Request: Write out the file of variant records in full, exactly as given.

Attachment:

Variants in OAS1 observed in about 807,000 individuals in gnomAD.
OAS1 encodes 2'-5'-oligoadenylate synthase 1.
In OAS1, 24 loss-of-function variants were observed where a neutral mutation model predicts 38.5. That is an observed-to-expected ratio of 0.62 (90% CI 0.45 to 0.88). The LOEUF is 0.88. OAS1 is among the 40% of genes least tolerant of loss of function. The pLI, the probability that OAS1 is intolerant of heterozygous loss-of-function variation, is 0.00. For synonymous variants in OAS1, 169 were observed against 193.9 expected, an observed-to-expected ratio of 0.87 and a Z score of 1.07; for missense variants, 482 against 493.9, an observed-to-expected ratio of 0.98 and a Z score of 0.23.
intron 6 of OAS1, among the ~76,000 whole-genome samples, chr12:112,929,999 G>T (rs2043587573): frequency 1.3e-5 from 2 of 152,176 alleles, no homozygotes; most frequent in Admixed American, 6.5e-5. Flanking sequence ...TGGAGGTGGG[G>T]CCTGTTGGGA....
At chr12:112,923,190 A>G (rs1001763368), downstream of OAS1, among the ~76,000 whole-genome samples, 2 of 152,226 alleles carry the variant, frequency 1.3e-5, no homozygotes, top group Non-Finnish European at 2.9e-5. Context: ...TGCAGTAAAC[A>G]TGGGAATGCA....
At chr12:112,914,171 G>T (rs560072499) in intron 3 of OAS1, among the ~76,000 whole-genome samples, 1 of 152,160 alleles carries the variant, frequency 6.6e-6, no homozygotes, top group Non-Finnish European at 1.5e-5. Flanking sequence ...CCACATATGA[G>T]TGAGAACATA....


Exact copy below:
Variants in OAS1 observed in about 807,000 individuals in gnomAD.
OAS1 encodes 2'-5'-oligoadenylate synthase 1.
In OAS1, 24 loss-of-function variants were observed where a neutral mutation model predicts 38.5. That is an observed-to-expected ratio of 0.62 (90% CI 0.45 to 0.88). The LOEUF is 0.88. OAS1 is among the 40% of genes least tolerant of loss of function. The pLI, the probability that OAS1 is intolerant of heterozygous loss-of-function variation, is 0.00. For synonymous variants in OAS1, 169 were observed against 193.9 expected, an observed-to-expected ratio of 0.87 and a Z score of 1.07; for missense variants, 482 against 493.9, an observed-to-expected ratio of 0.98 and a Z score of 0.23.
intron 6 of OAS1, among the ~76,000 whole-genome samples, chr12:112,929,999 G>T (rs2043587573): frequency 1.3e-5 from 2 of 152,176 alleles, no homozygotes; most frequent in Admixed American, 6.5e-5. Flanking sequence ...TGGAGGTGGG[G>T]CCTGTTGGGA....
At chr12:112,923,190 A>G (rs1001763368), downstream of OAS1, among the ~76,000 whole-genome samples, 2 of 152,226 alleles carry the variant, frequency 1.3e-5, no homozygotes, top group Non-Finnish European at 2.9e-5. Context: ...TGCAGTAAAC[A>G]TGGGAATGCA....
At chr12:112,914,171 G>T (rs560072499) in intron 3 of OAS1, among the ~76,000 whole-genome samples, 1 of 152,160 alleles carries the variant, frequency 6.6e-6, no homozygotes, top group Non-Finnish European at 1.5e-5. Flanking sequence ...CCACATATGA[G>T]TGAGAACATA....